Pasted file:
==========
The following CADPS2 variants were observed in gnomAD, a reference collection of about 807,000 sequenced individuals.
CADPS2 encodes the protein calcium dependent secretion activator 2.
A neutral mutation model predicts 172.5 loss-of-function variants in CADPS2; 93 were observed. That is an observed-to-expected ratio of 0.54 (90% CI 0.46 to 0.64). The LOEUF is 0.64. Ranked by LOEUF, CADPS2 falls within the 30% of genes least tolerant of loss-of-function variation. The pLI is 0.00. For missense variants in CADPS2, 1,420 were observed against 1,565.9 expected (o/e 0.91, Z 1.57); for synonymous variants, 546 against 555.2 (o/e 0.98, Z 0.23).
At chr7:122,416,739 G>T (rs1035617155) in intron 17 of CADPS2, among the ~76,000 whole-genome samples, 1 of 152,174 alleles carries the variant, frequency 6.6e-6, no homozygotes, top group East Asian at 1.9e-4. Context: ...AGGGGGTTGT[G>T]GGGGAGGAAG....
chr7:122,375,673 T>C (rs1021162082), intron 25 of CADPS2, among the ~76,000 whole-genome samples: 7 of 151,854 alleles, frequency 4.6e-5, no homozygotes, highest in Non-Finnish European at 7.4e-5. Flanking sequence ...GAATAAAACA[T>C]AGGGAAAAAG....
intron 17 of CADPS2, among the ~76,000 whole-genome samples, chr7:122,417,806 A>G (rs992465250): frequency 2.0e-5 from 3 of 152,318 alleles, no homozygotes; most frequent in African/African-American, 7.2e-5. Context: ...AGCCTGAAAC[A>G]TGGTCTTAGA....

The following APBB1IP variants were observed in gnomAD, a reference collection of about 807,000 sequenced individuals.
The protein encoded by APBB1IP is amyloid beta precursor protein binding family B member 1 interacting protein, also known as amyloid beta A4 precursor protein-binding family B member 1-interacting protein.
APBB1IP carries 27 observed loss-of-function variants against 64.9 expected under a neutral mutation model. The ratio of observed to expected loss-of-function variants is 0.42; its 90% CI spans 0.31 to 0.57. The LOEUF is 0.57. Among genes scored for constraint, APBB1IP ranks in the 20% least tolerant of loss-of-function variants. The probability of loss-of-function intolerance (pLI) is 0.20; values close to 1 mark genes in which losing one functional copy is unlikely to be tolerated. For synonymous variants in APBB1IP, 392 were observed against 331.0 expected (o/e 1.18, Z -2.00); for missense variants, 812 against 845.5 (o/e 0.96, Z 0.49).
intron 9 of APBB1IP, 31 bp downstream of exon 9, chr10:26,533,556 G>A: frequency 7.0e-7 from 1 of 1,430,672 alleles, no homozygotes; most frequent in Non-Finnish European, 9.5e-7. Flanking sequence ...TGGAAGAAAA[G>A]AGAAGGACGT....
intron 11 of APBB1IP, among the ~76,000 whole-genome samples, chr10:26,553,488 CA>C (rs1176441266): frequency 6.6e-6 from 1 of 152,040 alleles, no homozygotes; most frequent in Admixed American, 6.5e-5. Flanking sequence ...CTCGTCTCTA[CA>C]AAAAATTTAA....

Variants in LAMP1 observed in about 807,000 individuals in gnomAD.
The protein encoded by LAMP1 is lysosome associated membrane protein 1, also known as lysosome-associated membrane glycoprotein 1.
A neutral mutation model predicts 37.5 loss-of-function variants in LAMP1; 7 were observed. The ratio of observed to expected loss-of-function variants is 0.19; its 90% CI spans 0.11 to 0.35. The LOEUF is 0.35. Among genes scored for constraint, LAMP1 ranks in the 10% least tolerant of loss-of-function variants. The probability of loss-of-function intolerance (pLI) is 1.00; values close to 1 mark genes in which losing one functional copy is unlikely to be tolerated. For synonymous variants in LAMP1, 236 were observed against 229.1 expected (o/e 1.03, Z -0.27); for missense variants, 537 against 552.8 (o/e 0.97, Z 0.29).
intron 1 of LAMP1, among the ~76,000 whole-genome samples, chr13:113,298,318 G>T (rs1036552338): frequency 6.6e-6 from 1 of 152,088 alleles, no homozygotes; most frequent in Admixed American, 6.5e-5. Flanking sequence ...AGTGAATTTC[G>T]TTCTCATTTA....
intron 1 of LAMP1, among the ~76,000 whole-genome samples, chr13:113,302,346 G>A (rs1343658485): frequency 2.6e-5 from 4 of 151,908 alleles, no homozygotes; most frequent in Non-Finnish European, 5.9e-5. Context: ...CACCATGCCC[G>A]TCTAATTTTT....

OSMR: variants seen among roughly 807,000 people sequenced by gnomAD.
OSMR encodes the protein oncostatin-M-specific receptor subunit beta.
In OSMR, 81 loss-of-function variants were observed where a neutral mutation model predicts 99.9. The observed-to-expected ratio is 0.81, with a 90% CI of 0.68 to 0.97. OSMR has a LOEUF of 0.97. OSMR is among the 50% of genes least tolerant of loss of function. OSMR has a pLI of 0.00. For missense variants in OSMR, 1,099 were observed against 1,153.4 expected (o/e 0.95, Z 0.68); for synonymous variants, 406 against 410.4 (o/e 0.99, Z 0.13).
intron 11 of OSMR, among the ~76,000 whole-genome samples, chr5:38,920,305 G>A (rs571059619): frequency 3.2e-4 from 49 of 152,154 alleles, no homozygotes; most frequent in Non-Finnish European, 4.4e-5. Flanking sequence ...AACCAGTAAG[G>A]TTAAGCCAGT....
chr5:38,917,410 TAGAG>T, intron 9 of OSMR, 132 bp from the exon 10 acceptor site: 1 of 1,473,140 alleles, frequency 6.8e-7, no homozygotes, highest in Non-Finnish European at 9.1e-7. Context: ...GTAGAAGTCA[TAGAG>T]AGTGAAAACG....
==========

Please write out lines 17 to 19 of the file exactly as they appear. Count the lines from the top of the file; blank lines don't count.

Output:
OSMR: variants seen among roughly 807,000 people sequenced by gnomAD.
OSMR encodes the protein oncostatin-M-specific receptor subunit beta.
In OSMR, 81 loss-of-function variants were observed where a neutral mutation model predicts 99.9. The observed-to-expected ratio is 0.81, with a 90% CI of 0.68 to 0.97. OSMR has a LOEUF of 0.97. OSMR is among the 50% of genes least tolerant of loss of function. OSMR has a pLI of 0.00. For missense variants in OSMR, 1,099 were observed against 1,153.4 expected (o/e 0.95, Z 0.68); for synonymous variants, 406 against 410.4 (o/e 0.99, Z 0.13).